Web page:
Plans to create a Byron Bay bypass along Butler Street, into wetland habitat and then joining Jonson and Browning Streets at Mitre 10, appear to be held up by the state government, as Byron Shire Council awaits determination for a $9.5m grant.
Responding to a status update request from local NSW MP Tamara Smith (Greens), Council’s director infrastructure services manager Phil Holloway said, ‘All relevant approvals are in place for the bypass to proceed. All that is required is the funding.’
Funding sources, according to Mr Holloway, will also come from Roads and Maritime Services ($10.5m), while Council’s own contribution is $4m. The current blowout has increased $5m since The Echo reported the total was $19m in November 2016.
Originally the state government’s contribution was to be $10.5m, and The Echo understands it is tied to a volunteer agreement with West Byron developers.
Yet the contentious bypass plan – which has been on the table for decades – has fierce resistance from Butler Street residents, who have long campaigned for the rail corridor to be used instead.
Butler Street Community Network’s Paul Jones told The Echo the strict consent conditions for the bypass may prove to be very onerous.
‘Council need to achieve a zero effect on floodwater levels and groundwater flows in the wetland,’ he said, adding that fauna (wildlife) will be required to move under the roadway, which could mean a bridge would need to be built.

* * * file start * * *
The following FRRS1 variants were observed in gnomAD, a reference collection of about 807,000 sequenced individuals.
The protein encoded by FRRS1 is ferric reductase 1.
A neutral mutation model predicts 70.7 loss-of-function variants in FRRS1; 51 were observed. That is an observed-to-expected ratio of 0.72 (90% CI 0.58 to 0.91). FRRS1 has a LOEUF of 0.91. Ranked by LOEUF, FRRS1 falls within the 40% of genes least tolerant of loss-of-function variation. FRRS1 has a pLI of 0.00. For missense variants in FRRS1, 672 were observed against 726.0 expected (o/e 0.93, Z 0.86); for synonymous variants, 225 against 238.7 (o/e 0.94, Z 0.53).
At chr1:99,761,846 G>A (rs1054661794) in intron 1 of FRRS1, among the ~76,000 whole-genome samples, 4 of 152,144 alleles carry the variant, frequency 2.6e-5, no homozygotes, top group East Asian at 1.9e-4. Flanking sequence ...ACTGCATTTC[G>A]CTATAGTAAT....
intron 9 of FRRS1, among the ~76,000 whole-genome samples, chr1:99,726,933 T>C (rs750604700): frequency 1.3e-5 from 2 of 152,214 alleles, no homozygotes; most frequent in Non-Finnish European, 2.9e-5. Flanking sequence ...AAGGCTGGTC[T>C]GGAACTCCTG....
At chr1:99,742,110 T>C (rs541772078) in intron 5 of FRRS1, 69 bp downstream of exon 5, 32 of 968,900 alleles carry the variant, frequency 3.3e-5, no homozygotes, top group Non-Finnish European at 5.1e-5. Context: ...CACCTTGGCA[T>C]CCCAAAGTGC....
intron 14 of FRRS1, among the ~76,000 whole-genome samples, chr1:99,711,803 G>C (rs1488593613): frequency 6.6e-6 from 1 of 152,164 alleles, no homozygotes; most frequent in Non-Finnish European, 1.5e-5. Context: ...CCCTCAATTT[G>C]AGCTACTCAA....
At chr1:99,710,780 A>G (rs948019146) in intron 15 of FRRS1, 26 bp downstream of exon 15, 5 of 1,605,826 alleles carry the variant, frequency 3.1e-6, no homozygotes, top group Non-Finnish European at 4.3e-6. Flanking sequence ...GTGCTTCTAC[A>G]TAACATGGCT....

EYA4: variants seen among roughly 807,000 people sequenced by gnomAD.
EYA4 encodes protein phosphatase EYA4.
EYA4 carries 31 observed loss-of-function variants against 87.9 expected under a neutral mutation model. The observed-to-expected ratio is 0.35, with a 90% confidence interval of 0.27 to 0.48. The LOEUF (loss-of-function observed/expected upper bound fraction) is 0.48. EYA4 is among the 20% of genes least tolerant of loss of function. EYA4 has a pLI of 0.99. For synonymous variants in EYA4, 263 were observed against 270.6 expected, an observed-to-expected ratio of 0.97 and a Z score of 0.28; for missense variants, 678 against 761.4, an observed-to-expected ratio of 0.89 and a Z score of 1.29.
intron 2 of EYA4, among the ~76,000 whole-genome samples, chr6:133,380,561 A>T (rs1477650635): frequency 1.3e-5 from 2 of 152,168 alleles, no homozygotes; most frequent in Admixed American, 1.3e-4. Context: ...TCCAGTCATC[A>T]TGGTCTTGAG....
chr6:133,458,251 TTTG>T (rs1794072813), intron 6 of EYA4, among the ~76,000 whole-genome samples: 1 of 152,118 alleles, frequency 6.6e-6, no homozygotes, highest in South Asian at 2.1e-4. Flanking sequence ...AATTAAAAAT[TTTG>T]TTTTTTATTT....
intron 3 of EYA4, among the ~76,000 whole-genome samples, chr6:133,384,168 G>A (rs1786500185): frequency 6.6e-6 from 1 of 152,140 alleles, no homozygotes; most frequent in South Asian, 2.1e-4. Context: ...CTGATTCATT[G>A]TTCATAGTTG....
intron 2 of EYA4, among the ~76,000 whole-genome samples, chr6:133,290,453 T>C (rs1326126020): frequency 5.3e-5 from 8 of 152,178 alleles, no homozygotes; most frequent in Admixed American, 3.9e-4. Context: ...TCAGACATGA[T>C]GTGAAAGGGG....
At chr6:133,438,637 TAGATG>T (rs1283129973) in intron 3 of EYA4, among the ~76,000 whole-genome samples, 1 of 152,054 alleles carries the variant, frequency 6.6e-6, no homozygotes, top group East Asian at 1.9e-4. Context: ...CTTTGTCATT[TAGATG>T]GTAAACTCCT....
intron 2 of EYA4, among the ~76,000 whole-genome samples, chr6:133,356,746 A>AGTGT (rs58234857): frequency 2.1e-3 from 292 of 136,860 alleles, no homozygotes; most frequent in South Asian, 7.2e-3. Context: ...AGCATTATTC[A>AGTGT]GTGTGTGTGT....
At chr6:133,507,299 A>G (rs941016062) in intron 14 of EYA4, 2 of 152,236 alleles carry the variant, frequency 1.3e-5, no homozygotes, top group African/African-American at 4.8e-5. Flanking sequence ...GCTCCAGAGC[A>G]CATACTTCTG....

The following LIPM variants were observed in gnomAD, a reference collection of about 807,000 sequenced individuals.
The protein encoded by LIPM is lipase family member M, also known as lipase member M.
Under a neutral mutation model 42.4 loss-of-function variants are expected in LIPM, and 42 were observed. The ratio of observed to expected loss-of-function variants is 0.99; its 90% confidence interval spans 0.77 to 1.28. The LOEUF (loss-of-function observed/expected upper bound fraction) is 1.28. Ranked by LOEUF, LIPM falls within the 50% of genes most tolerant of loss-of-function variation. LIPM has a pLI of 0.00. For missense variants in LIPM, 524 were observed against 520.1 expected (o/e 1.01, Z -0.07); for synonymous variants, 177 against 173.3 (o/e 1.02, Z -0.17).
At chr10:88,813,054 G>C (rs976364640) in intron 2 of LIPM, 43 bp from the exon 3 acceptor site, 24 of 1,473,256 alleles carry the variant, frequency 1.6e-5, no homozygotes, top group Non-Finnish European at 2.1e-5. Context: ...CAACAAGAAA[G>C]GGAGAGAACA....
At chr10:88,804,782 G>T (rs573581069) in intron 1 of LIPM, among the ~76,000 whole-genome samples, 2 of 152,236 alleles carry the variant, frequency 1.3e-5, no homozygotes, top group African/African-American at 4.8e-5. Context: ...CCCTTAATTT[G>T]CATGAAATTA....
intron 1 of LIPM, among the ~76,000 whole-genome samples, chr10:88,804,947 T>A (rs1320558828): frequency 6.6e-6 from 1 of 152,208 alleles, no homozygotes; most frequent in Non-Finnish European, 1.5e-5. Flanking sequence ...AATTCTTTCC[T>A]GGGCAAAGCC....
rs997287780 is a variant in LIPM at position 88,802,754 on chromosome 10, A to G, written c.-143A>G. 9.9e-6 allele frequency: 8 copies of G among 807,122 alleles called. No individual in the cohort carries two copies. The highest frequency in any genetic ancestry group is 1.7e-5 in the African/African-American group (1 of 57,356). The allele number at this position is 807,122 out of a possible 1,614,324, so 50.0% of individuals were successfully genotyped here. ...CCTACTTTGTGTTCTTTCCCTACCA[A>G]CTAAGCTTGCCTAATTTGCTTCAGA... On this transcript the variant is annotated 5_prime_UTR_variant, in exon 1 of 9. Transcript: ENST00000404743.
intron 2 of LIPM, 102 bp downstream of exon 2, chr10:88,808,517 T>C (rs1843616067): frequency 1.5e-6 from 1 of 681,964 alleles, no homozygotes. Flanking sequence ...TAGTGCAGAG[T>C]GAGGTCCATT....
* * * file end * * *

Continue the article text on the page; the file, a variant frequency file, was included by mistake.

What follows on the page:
‘A bridge structure may be the likely outcome – the wetlands section is 400 metres long including a roundabout.
‘Polluted water also needs to be treated and discharged into the wetlands off the roadway. Council will require acid sulfate soil management and there will likely be challenging ground geotechnical conditions. I understand too that the road should be flood immune as the rail corridor section is; for a Butler Street route this means quite a high deck level above the existing ground.
‘Further extensive noise mitigation measures are required for the 20-odd properties along Butler Street, which could amount to several millions of dollars. Butler Street will obviously become the MR545 main road, as efforts improve to reduce vehicle movements in the CBD as a more pedestrian-friendly zone; however, the current residential property development along Butler Street is completely inappropriate and dangerous adjacent to a busy main road, not to mention the huge number of pedestrians moving through the Burns Street intersection.’
Meanwhile, Holloway said the Byron Bay Bypass has two components requiring different approval pathways.
‘The section of the bypass on existing roads required an activity approval under Part V of the Environmental Planning and Assessment Act 1979; this has been approved by Council. The remainder of the route required a development application under Part IV that has been approved by the Northern Joint Regional Planning Panel and this determination has been considered by the NSW Land and Environment Court that also approved the application.’